Saturday, September 24, 2016

compulsory unification of opinion achieves only the unanimity of the graveyard


theintercept |  Students are being threatened with punishment for not participating in rituals surrounding the national anthem or Pledge of Allegiance — and they are fighting back.

Since NFL 49ers quarterback Colin Kaepernick sat during the national anthem in August to protest oppression of people of color, many Americans, particularly professional athletes and students, have followed suit. But their constitutional right to engage in such gestures of dissent is not always being respected.

Threats from school administrators and teachers have put free speech advocates like the ACLU on high alert. At Lely High School, a public school in Naples, Florida, the principal told students that they would be removed from athletic events if they refused to stand during the national anthem — though he said the quote was misunderstood when the ACLU of Florida reached out.

“You will stand, and you will stay quiet. If you don’t, you are going to be sent home, and you’re not going to have a refund of your ticket price,” Lely High School Principal Ryan Nemeth told students.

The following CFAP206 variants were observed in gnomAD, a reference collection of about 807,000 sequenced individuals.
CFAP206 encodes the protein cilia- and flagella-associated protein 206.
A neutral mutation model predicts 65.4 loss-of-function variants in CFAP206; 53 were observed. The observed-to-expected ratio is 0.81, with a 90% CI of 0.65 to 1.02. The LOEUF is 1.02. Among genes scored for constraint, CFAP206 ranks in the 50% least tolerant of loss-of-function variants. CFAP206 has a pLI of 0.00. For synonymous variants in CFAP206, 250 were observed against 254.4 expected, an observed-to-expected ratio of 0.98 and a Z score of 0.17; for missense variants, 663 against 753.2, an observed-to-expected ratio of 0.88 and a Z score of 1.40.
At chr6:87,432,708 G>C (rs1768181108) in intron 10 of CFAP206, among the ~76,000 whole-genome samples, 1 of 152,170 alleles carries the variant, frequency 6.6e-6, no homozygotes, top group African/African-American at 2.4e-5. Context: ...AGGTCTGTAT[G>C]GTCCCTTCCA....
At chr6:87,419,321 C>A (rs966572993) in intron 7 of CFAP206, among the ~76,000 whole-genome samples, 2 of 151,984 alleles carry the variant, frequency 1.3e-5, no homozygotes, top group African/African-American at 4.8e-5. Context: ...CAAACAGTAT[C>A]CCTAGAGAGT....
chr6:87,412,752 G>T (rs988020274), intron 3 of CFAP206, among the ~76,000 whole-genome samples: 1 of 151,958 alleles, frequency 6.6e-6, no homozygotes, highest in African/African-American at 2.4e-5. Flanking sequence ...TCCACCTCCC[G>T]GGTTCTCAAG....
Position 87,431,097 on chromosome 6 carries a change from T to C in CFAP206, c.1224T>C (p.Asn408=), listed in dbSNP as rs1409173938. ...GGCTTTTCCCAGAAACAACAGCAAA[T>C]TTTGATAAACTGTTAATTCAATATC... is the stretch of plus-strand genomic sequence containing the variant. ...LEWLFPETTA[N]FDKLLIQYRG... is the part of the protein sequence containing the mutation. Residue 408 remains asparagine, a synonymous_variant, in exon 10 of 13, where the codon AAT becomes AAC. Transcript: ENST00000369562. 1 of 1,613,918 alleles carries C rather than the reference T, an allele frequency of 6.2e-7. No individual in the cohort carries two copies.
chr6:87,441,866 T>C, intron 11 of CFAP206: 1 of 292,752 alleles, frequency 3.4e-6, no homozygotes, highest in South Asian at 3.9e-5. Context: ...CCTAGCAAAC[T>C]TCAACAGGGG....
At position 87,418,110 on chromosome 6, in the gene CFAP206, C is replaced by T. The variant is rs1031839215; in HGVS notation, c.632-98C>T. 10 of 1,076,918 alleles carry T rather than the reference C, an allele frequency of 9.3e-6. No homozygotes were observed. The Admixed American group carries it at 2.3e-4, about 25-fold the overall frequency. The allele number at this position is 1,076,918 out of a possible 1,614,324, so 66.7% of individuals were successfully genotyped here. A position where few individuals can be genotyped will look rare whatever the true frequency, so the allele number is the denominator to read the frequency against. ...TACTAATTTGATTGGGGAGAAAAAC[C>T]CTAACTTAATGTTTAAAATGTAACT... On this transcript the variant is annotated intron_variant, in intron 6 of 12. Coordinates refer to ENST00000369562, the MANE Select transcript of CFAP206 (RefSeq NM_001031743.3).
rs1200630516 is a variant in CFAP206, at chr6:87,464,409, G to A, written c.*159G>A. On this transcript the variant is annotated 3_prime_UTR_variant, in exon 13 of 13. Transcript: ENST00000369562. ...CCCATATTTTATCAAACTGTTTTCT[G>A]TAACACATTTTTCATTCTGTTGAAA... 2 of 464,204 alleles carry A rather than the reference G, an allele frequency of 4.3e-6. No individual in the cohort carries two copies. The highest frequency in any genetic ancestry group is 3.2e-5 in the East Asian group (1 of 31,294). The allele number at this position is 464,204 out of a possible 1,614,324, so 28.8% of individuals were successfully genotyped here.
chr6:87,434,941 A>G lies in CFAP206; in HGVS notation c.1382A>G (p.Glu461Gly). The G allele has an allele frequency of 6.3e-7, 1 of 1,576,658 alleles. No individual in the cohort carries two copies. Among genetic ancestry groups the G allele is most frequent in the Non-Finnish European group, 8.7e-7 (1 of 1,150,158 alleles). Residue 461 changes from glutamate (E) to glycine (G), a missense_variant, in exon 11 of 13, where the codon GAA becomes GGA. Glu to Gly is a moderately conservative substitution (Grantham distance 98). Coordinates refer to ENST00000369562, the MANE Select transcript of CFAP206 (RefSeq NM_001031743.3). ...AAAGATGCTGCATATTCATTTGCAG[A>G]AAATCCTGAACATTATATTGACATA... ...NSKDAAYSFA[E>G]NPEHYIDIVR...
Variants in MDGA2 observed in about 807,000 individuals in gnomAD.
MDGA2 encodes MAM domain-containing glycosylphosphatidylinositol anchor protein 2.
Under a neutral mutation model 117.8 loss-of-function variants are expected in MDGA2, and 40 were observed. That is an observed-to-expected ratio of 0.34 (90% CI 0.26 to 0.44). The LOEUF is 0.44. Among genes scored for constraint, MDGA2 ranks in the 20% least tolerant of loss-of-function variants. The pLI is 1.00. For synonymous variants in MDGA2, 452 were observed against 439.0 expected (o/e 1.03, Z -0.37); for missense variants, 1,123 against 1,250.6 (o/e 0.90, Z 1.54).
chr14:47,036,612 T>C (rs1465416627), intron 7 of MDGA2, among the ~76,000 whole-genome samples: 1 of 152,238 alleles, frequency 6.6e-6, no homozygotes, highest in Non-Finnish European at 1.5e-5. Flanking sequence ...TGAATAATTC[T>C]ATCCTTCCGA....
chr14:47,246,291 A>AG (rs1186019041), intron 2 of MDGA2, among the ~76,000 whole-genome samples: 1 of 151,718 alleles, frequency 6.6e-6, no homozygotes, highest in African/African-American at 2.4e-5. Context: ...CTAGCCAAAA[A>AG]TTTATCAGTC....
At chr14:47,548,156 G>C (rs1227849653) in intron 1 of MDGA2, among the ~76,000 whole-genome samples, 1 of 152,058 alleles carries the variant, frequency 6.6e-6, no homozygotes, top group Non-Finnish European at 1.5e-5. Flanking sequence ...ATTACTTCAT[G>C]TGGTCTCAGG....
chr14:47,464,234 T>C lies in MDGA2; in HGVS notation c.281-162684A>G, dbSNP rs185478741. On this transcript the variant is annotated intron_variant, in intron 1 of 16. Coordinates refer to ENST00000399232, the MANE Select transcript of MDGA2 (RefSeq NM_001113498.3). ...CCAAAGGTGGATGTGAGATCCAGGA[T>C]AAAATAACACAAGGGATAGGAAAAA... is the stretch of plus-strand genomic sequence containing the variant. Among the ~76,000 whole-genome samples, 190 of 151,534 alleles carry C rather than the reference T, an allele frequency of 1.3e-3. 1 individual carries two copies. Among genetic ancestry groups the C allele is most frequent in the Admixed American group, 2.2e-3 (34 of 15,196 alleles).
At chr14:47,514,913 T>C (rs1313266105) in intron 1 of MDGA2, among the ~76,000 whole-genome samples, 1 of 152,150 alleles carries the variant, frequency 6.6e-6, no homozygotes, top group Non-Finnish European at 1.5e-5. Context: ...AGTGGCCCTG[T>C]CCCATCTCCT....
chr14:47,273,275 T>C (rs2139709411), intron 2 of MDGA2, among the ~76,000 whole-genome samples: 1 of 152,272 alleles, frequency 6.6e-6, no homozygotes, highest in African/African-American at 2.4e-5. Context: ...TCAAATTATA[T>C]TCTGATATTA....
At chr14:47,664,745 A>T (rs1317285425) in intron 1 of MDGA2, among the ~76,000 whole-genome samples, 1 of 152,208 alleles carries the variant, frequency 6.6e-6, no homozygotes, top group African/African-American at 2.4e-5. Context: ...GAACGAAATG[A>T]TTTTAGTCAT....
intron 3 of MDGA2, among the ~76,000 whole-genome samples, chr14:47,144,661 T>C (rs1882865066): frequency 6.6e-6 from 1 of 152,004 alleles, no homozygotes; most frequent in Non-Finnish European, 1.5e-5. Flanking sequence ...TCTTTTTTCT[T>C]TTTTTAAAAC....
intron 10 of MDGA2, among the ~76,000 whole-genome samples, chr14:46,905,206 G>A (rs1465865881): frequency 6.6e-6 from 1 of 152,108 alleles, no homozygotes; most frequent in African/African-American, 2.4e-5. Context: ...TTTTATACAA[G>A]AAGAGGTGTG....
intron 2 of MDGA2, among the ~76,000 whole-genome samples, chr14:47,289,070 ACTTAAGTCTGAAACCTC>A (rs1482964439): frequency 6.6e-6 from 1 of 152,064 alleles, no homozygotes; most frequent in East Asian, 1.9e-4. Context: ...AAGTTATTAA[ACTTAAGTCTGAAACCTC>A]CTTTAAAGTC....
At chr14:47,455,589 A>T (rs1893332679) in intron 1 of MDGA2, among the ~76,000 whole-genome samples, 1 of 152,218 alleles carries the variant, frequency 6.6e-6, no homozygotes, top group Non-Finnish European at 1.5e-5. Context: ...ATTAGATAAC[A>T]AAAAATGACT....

“The Supreme Court ruled in 1943 that public schools may not constitutionally force students to salute the flag,” Lee Rowland, a First Amendment attorney who works with the ACLU, told The Intercept. “That ruling is crystal clear about a student’s right not to be compelled into patriotism by their government, and it is over 70 years old.”

The ruling that Rowland references came after many Jehovah’s Witnesses in the United States began to refuse to salute the flag in solidarity with their brethren in Nazi Germany who were being arrested for refusing to salute that country’s fascist flag.

The action by the American Jehovah’s Witnesses provoked a backlash, and a number of followers of the faith were persecuted for refusing to salute. In West Virginia, a family of Jehovah’s Witnesses brought suit after their children were sanctioned for doing so.

The court ruled in favor of the family. In his opinion, Supreme Court Justice Robert Jackson wrote, “Compulsory unification of opinion achieves only the unanimity of the graveyard.”